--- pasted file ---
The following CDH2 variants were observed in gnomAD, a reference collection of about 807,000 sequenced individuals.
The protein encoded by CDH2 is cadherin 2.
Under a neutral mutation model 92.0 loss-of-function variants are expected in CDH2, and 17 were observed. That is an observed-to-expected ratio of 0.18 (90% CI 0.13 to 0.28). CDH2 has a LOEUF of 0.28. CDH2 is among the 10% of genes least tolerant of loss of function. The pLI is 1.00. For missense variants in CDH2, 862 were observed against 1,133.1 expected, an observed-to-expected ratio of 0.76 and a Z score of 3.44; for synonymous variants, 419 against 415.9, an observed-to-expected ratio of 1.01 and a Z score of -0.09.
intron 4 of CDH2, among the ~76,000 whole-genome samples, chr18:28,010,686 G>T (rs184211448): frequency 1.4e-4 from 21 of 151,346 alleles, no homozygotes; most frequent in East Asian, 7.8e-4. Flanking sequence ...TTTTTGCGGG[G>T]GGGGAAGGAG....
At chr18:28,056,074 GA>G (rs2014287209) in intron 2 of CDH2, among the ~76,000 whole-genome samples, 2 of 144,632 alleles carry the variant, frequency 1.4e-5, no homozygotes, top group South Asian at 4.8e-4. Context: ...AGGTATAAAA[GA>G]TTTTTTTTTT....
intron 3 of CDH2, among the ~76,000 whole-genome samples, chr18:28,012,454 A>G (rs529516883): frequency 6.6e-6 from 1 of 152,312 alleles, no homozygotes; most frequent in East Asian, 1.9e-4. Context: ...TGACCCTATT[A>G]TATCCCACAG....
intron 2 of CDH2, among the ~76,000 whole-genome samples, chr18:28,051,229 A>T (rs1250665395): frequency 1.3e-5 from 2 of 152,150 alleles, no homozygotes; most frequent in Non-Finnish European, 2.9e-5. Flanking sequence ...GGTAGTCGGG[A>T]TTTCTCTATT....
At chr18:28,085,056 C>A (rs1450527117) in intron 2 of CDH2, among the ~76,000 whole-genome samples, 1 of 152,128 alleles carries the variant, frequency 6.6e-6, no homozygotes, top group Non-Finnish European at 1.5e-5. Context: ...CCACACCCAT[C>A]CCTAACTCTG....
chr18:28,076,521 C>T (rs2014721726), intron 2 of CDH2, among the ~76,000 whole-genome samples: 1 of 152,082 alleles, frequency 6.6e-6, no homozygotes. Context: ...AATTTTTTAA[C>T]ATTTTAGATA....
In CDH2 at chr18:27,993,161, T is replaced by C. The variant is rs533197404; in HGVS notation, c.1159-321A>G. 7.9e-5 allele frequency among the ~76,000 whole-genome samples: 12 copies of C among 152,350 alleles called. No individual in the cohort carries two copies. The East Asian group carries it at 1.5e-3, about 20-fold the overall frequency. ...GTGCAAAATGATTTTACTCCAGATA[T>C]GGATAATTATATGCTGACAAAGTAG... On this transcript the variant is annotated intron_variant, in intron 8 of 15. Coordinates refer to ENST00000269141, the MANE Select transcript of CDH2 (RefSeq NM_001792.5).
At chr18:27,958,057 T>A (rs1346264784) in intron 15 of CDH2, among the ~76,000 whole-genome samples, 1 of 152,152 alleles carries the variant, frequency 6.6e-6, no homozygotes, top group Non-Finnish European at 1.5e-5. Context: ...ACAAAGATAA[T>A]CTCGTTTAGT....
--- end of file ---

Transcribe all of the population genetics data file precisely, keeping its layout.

The following CDH2 variants were observed in gnomAD, a reference collection of about 807,000 sequenced individuals.
The protein encoded by CDH2 is cadherin 2.
Under a neutral mutation model 92.0 loss-of-function variants are expected in CDH2, and 17 were observed. That is an observed-to-expected ratio of 0.18 (90% CI 0.13 to 0.28). CDH2 has a LOEUF of 0.28. CDH2 is among the 10% of genes least tolerant of loss of function. The pLI is 1.00. For missense variants in CDH2, 862 were observed against 1,133.1 expected, an observed-to-expected ratio of 0.76 and a Z score of 3.44; for synonymous variants, 419 against 415.9, an observed-to-expected ratio of 1.01 and a Z score of -0.09.
intron 4 of CDH2, among the ~76,000 whole-genome samples, chr18:28,010,686 G>T (rs184211448): frequency 1.4e-4 from 21 of 151,346 alleles, no homozygotes; most frequent in East Asian, 7.8e-4. Flanking sequence ...TTTTTGCGGG[G>T]GGGGAAGGAG....
At chr18:28,056,074 GA>G (rs2014287209) in intron 2 of CDH2, among the ~76,000 whole-genome samples, 2 of 144,632 alleles carry the variant, frequency 1.4e-5, no homozygotes, top group South Asian at 4.8e-4. Context: ...AGGTATAAAA[GA>G]TTTTTTTTTT....
intron 3 of CDH2, among the ~76,000 whole-genome samples, chr18:28,012,454 A>G (rs529516883): frequency 6.6e-6 from 1 of 152,312 alleles, no homozygotes; most frequent in East Asian, 1.9e-4. Context: ...TGACCCTATT[A>G]TATCCCACAG....
intron 2 of CDH2, among the ~76,000 whole-genome samples, chr18:28,051,229 A>T (rs1250665395): frequency 1.3e-5 from 2 of 152,150 alleles, no homozygotes; most frequent in Non-Finnish European, 2.9e-5. Flanking sequence ...GGTAGTCGGG[A>T]TTTCTCTATT....
At chr18:28,085,056 C>A (rs1450527117) in intron 2 of CDH2, among the ~76,000 whole-genome samples, 1 of 152,128 alleles carries the variant, frequency 6.6e-6, no homozygotes, top group Non-Finnish European at 1.5e-5. Context: ...CCACACCCAT[C>A]CCTAACTCTG....
chr18:28,076,521 C>T (rs2014721726), intron 2 of CDH2, among the ~76,000 whole-genome samples: 1 of 152,082 alleles, frequency 6.6e-6, no homozygotes. Context: ...AATTTTTTAA[C>T]ATTTTAGATA....
In CDH2 at chr18:27,993,161, T is replaced by C. The variant is rs533197404; in HGVS notation, c.1159-321A>G. 7.9e-5 allele frequency among the ~76,000 whole-genome samples: 12 copies of C among 152,350 alleles called. No individual in the cohort carries two copies. The East Asian group carries it at 1.5e-3, about 20-fold the overall frequency. ...GTGCAAAATGATTTTACTCCAGATA[T>C]GGATAATTATATGCTGACAAAGTAG... On this transcript the variant is annotated intron_variant, in intron 8 of 15. Coordinates refer to ENST00000269141, the MANE Select transcript of CDH2 (RefSeq NM_001792.5).
At chr18:27,958,057 T>A (rs1346264784) in intron 15 of CDH2, among the ~76,000 whole-genome samples, 1 of 152,152 alleles carries the variant, frequency 6.6e-6, no homozygotes, top group Non-Finnish European at 1.5e-5. Context: ...ACAAAGATAA[T>A]CTCGTTTAGT....